Wednesday, August 31, 2011

Reading on the iPad Part 6: Forbes was a disappointment.

The July 18, 2010 issue of Forbes contains an editorial that lays out big changes happening at Forbes to embrace the digital world: The new Forbes web site offers more up-to-date information outside the print cycle. The new tools inside of Forbes for content creation allow richer content creation for staff, and embraces contributions from the outside in the form of blogs and feedback postings. The pages of Forbes now contain articles with significant commentary from outside. From that editorial, and a thread of commentary through a couple issues, I built up high expectations of what the online Forbes experience would be. I was disappointed.

There seems to be a basic assumption that all this new online input comes from a baseline of reading the paper edition. Although the entire content of the print edition is available on the web site, it is again on offer as a table of contents with links to articles. As with other general interest glossy magazines, I found I really wanted to turn the pages, not dispatch from the table of contents. It also seemed that Forbes on the web crammed too many overly intrusive ads into its presentation. It was quite distracting.

There is no Forbes app for the iPad. It was with hopeful anticipation that I investigated the Forbes Kindle subscription. Unfortunately, I pretty much hated everything about the experience of Forbes for Kindle on the iPad.

The beautiful glossy magazine had been ground down into a cheap paperback book. The pages shrank down to 3x6 inches and the typography was reduced to a single font in only a couple point sizes. Colorful icons and graphical navigational aids were eliminated and everything re-formatted into block paragraphs. But as if to comply with a marketing directive to be able to say, "We offer color!" a very few select photographs were retained as "color plates" scattered throughout.

There was one difference between Forbes for the iPad Kindle app that made it less usable than a paperback book: With a paperback book, you can start at the first page, and flip through all the pages. You CANNOT do that with Forbes for Kindle. You must choose an article from the table of contents. When you get to the end of the article, you can continue to other articles in the same section, but when you're through all the Features, or all the Lifestyle articles, you hit a wall and must return to the table of contents and choose another article starting point.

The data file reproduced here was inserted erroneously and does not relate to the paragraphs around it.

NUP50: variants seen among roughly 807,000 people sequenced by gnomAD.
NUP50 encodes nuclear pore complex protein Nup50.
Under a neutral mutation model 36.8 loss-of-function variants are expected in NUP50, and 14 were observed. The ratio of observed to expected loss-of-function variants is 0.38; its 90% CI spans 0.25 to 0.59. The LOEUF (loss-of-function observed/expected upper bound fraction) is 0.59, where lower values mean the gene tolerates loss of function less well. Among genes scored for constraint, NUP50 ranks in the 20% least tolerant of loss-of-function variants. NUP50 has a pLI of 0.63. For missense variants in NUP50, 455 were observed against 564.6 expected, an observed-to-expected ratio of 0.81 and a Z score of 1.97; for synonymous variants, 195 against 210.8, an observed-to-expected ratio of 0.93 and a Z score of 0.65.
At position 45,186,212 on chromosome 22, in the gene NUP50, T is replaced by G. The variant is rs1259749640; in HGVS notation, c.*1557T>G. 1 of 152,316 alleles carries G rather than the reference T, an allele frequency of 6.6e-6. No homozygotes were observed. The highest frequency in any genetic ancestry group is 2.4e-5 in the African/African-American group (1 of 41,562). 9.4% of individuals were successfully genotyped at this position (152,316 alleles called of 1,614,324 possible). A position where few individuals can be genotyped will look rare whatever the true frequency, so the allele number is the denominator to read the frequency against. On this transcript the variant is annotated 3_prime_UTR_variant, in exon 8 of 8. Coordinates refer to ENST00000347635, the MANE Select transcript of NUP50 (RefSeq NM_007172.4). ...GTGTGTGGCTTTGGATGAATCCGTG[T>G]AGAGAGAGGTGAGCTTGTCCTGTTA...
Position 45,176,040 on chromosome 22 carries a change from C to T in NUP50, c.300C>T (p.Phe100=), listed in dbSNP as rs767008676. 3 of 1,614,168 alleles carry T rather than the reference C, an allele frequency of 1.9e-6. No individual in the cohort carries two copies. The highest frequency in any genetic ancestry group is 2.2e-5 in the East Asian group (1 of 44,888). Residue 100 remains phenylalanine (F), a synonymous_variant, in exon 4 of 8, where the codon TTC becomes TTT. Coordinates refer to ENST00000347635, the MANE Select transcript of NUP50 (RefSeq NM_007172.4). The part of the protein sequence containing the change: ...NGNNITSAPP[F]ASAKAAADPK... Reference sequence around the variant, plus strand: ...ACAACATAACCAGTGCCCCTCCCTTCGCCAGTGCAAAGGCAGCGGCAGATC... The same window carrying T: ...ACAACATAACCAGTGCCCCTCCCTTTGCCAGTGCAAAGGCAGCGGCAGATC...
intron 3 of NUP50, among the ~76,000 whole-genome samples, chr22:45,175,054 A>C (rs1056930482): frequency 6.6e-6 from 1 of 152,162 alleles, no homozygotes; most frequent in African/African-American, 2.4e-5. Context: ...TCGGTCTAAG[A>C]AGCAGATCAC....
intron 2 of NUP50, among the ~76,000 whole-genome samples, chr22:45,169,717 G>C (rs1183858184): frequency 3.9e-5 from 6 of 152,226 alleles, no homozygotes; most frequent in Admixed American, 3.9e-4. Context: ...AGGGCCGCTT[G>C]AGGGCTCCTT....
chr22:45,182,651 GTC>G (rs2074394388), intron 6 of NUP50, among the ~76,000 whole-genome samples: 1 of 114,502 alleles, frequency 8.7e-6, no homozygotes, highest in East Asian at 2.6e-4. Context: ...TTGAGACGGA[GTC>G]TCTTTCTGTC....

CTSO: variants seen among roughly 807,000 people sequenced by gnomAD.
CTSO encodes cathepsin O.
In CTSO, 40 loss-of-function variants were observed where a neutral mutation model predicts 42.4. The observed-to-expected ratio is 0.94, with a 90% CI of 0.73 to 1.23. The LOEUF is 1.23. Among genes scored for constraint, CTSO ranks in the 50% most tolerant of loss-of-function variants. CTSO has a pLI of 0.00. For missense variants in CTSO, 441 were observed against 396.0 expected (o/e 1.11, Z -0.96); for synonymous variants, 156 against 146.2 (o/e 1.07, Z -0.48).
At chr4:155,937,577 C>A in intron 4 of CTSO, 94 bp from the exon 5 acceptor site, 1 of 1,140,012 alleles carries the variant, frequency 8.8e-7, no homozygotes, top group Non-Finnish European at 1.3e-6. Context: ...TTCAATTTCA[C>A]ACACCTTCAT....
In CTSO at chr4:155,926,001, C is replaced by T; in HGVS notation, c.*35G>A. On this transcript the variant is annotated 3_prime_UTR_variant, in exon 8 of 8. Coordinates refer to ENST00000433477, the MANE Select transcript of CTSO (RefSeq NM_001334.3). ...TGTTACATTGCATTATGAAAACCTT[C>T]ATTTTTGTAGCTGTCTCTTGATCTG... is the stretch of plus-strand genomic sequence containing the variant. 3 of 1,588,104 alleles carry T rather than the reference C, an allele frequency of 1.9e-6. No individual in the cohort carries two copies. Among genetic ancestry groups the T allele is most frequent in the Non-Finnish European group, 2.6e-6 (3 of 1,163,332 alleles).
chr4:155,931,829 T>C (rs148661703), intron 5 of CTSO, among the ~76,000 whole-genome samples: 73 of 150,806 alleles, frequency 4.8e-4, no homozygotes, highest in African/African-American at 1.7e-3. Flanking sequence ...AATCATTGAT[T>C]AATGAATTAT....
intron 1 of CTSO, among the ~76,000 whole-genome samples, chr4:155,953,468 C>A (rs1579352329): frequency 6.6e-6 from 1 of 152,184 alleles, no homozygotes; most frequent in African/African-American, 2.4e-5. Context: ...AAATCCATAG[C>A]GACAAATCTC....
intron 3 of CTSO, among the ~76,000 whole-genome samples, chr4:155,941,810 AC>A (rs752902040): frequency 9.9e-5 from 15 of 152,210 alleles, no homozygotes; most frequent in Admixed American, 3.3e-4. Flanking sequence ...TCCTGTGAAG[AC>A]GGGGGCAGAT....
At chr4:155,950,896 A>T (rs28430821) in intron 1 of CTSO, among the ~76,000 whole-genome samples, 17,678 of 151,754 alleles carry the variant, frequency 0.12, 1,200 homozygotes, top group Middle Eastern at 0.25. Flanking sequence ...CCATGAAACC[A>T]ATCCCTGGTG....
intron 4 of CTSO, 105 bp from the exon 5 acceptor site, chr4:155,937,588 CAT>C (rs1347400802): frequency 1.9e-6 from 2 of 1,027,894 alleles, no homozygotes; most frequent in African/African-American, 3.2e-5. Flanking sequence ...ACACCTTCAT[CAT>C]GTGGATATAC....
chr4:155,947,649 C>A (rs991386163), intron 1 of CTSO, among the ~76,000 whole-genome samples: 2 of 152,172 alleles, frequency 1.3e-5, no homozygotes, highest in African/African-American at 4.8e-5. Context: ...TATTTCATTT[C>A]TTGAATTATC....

Worst of all, the table of contents is complete re-arrangement of the print edition organized by article priority. Feature articles appear first, then other sections and lastly is the Editorial section. This is an interesting approach conceptually, but is totally at odds with my well-established habits of travel through the print edition. I liked reading the editorial content early, then the short articles to get me limbered up for the more detailed features which I would read last, with "Thoughts" as desert.  Instead, everything is in the opposite order, under unfamiliar section headings in the table of contents, with the editorials at the end smooshed together on top of "Thoughts".

I'm so glad the subscription came with a 15 day full-refund guarantee.  I asked for my refund after 15 minutes.

I think Forbes would be extremely well served if it discontinued offering a Kindle subscription and switched over to using Everything that is good about the typography and organization of Forbes would be retained. The experience would be the same as or better than the experience of turning the pages of the print edition.

This concludes part 6. Let's move on to Reading on the iPad Part 7: Fast Company: applying my WSJ reading habits.

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